Branstad takes charge
Terry Branstad is once again Iowa’s governor. He retakes the helm of state government at time when the Hawkeye State has a troubled economy and a government that has outgrown the resources available to pay its bills.
Fortunately, Branstad understands Iowa’s strengths well. He has carefully thought out plans to mobilize the state’s assets in ways that could make the second decade of the 21st century a remarkable success story. The vision of the future he shared on inauguration day set exactly the right tone. There is good reason for optimism about the days ahead.
“Iowa stands at the precipice of opportunity greater than at any time since our ancestors crossed the Mississippi to view an expanse of prairie as far as the eye could see,” Branstad said in his inaugural address. “With the advent of open markets, a growing world middle class and a need for sustainable solutions to the world’s problems, Iowa sits in the catbird seat of history.”
He stressed that the state’s agricultural resources are “the envy of the world” and paid particular tribute to its “hard-working, honest and caring people.” Branstad’s goal is to empower those strengths by putting a stop to government policies that inhibit economic growth and implement programs designed to encourage job creation.
The new governor sees this as a time of enormous opportunity if the state’s governmental leaders move decisively to get the governmental house in order.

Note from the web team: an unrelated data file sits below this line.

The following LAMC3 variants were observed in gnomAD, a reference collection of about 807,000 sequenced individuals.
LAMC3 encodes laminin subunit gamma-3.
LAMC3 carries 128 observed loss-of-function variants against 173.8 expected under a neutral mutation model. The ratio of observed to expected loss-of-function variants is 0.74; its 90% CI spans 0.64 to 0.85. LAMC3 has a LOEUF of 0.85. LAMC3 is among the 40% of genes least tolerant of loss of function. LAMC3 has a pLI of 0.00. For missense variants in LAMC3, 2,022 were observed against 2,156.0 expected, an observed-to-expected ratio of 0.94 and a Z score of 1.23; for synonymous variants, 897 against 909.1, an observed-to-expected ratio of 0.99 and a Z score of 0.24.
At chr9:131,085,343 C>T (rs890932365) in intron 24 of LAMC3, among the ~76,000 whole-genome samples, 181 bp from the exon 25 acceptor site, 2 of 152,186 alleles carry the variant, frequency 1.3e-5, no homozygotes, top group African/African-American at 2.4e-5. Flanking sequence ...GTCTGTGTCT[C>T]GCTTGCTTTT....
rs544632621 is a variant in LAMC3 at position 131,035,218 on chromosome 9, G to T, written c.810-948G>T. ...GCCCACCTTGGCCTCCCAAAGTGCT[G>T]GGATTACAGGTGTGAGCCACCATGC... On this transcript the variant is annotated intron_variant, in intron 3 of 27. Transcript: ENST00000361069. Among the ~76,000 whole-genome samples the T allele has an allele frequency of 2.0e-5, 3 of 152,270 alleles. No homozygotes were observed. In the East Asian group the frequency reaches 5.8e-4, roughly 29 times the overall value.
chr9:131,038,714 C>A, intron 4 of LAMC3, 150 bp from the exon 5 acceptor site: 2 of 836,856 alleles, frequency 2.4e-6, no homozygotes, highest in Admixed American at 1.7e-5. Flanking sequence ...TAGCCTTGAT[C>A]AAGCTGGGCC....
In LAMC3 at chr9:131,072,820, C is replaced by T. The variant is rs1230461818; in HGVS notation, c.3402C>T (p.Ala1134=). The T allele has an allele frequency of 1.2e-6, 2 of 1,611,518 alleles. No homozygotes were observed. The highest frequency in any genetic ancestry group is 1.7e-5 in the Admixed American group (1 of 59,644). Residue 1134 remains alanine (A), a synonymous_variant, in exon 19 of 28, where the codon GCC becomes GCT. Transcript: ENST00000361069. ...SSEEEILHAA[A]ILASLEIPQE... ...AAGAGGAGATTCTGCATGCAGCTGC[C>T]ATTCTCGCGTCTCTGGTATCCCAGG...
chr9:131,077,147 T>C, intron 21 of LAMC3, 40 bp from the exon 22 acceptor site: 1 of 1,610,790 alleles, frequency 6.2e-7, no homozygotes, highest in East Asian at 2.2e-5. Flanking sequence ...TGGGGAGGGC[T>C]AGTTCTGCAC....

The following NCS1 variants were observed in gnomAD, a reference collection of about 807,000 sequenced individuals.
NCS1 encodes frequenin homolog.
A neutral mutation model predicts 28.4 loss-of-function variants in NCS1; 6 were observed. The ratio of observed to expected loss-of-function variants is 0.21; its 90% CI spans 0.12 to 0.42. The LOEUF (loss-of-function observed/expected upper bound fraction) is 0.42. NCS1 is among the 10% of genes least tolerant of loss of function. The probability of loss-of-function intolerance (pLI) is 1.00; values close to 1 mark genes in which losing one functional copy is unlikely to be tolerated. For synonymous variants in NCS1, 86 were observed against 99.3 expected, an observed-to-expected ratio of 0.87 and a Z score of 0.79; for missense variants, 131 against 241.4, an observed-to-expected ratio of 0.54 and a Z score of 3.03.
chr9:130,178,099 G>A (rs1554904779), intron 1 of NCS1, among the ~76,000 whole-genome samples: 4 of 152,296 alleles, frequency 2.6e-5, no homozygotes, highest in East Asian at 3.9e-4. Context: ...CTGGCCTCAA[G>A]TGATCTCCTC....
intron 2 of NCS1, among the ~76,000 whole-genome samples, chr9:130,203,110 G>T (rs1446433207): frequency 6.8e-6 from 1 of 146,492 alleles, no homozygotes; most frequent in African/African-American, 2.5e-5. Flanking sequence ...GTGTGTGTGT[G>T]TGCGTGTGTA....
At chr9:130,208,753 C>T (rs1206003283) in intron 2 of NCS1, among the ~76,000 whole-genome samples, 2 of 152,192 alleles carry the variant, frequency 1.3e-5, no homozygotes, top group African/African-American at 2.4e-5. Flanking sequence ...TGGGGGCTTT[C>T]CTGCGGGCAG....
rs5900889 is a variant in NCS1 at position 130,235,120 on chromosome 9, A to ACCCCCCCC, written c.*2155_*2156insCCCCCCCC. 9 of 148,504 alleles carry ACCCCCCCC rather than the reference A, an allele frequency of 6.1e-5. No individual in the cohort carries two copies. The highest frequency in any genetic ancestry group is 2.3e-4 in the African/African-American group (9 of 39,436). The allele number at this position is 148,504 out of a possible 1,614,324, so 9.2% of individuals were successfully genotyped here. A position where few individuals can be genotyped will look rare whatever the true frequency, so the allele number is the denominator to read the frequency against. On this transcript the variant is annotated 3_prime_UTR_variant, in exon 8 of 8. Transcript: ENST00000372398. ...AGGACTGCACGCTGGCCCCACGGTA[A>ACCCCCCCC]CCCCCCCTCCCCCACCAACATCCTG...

“The world is hungry for our food and biomass, envious of our technology, pining for our productivity,” he said. “The economic winds, which for a century or more blew in our face, are now firmly at our back. … Iowa is exceptional and these are exceptional times. Our challenge: to seize the day.”
Branstad made clear that major changes in government at all levels are needed so Iowans can take advantage more fully of the very real potential to thrive.
“(Government) must change, lest it dampen our opportunity and squelch the individual initiative which is our engine for growth. … We must be rid of the yoke of government, which taxes us too much, spends too much and regulates us too much,” he said.
According to Branstad, that means there must be substantially less government if the state’s finances are to stay free of red ink – possibly as much as 15 percent less. He envisions the reformed structures that emerge from the budget-cutting process as featuring smarter approaches and more-efficient programs.
Iowans have traditionally prided themselves on a can-do approach to life. Branstad is appealing to that positive philosophy as he begins to move his agenda forward.
“Our problems were serious, but manageable, and, as people of good faith, we rolled up our sleeves and solved them,” he said reflecting how Iowa’s government has functioned when well-led.
With Terry Branstad in charge, there is good reason to believe common-sense government attuned to the state’s real needs is returning.
“We will get back on track with a slimmer, better-managed and sustainable government you can count on when you need it,” Branstad said as he began his fifth term as the state’s chief executive.
Welcome back, governor.
Please Enter Your Facebook App ID. Required for FB Comments. Click here for FB Comments Settings page